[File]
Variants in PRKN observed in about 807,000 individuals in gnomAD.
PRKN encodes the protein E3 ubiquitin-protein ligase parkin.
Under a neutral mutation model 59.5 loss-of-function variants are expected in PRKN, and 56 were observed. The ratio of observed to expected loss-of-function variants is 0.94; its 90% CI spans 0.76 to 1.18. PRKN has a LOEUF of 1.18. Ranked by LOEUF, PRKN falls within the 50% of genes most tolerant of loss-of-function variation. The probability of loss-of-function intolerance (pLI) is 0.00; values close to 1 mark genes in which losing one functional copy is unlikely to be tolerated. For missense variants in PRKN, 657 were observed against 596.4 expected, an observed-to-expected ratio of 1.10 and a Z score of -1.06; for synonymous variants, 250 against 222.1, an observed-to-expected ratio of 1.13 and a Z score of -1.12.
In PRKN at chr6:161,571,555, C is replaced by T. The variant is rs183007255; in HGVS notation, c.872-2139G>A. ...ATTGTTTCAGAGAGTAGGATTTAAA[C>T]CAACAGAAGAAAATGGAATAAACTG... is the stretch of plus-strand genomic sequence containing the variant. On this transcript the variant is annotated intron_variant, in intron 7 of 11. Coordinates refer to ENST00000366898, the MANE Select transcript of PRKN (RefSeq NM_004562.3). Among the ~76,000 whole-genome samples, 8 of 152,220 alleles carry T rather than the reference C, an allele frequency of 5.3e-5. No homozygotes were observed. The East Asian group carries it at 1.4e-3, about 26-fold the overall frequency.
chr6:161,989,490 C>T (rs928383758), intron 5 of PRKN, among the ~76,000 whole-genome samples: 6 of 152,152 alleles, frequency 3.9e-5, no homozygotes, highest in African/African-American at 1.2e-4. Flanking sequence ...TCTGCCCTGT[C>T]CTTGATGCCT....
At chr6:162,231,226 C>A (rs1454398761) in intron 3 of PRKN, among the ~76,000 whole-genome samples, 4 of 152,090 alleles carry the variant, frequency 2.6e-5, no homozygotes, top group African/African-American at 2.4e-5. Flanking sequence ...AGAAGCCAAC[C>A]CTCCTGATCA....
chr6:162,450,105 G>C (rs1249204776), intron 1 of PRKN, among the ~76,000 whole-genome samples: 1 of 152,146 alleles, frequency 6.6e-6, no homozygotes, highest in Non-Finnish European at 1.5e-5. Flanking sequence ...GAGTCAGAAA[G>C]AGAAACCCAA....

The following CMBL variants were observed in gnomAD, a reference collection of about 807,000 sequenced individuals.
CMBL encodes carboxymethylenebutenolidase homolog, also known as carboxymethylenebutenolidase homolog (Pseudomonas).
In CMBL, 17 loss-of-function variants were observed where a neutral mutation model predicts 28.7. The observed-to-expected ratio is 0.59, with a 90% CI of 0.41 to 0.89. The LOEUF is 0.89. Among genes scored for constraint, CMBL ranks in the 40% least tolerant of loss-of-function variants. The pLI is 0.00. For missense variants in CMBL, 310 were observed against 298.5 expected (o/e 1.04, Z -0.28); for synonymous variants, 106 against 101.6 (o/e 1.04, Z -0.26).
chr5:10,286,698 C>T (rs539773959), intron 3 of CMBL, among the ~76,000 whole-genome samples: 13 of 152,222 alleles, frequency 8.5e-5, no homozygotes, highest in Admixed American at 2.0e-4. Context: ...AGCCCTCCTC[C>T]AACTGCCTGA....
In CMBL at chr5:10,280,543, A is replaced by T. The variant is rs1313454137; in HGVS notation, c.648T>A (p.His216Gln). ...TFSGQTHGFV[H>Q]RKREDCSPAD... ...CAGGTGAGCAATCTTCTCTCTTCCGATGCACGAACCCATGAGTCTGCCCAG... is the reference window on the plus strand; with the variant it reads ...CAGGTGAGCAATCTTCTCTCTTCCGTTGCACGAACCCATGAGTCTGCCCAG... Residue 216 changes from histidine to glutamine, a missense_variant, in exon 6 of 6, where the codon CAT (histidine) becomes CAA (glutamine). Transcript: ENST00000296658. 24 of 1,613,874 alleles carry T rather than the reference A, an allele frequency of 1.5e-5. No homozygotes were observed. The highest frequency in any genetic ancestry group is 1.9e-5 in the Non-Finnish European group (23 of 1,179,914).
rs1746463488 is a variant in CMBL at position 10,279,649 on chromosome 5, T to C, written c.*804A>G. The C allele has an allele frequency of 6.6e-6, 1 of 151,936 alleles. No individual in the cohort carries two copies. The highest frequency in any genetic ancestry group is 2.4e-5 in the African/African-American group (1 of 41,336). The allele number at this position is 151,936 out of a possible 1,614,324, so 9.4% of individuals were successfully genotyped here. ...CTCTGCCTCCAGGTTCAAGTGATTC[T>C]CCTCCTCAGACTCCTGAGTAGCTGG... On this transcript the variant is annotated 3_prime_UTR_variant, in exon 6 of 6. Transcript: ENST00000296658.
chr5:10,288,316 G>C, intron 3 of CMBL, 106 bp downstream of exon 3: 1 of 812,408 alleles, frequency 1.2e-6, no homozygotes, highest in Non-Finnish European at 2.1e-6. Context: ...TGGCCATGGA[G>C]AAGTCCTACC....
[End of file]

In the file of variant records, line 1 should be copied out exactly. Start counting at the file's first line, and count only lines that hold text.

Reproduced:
Variants in PRKN observed in about 807,000 individuals in gnomAD.